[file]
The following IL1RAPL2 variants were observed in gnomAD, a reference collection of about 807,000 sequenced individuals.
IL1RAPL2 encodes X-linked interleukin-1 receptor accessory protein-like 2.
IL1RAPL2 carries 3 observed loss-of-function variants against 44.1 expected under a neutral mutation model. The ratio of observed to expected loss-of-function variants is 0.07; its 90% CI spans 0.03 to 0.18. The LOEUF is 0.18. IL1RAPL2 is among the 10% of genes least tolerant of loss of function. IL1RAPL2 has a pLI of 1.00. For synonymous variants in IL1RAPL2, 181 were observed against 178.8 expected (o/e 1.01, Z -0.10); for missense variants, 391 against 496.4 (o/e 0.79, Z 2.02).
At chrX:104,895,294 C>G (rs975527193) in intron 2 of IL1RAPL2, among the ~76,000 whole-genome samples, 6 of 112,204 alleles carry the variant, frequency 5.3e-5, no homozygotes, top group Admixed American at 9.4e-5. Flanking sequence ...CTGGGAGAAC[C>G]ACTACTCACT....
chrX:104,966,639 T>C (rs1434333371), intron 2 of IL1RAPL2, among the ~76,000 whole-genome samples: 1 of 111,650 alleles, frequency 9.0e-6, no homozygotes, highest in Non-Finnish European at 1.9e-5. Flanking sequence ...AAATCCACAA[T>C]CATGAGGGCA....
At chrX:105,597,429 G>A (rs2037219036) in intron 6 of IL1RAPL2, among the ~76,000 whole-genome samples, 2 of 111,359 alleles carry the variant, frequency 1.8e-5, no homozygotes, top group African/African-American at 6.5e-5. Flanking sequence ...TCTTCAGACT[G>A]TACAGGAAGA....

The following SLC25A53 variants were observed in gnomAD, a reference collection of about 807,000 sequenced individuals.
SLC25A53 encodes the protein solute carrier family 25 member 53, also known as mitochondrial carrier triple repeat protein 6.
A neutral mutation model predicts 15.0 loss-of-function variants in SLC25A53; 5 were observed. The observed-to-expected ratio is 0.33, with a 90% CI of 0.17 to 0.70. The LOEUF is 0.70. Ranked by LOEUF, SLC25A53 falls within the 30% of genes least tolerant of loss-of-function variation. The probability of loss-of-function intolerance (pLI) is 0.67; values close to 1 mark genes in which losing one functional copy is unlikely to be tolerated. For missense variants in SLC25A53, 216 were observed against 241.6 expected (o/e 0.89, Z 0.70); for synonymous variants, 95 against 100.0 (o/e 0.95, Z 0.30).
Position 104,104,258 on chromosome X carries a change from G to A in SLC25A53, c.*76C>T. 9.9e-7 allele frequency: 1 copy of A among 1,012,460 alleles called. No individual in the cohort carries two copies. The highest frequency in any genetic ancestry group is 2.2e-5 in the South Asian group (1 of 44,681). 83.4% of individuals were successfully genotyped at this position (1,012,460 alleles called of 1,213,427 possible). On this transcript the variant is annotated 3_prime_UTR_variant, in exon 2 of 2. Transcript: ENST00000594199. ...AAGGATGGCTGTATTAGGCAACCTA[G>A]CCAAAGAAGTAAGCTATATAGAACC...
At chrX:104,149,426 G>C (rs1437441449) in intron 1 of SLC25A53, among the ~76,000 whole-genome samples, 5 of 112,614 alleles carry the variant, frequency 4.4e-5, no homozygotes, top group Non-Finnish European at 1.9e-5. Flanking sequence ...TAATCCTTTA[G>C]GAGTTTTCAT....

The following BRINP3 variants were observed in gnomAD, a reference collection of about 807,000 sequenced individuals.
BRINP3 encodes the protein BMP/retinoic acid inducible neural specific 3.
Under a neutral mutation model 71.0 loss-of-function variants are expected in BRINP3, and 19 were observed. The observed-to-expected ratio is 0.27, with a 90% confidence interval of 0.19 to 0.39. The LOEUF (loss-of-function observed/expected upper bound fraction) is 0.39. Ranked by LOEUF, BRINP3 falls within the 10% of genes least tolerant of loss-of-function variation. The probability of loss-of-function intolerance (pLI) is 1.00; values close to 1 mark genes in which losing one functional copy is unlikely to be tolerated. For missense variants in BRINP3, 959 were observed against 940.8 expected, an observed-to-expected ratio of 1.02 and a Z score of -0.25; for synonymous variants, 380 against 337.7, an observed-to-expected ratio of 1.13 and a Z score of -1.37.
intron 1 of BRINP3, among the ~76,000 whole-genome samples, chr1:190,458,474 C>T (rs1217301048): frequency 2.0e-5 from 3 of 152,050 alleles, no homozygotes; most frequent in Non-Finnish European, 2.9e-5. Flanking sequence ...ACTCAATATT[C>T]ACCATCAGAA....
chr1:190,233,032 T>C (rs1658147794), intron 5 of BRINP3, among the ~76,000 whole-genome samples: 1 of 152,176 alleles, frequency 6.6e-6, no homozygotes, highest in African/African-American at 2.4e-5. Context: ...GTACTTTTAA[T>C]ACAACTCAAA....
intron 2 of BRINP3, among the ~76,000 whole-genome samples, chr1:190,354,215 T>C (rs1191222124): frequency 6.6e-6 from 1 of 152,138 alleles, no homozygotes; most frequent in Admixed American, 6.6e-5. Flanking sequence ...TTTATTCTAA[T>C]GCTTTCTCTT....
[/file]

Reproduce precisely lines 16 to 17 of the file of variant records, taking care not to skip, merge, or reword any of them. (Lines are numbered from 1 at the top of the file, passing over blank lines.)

chr1:190,233,032 T>C (rs1658147794), intron 5 of BRINP3, among the ~76,000 whole-genome samples: 1 of 152,176 alleles, frequency 6.6e-6, no homozygotes, highest in African/African-American at 2.4e-5. Context: ...GTACTTTTAA[T>C]ACAACTCAAA....
intron 2 of BRINP3, among the ~76,000 whole-genome samples, chr1:190,354,215 T>C (rs1191222124): frequency 6.6e-6 from 1 of 152,138 alleles, no homozygotes; most frequent in Admixed American, 6.6e-5. Flanking sequence ...TTTATTCTAA[T>C]GCTTTCTCTT....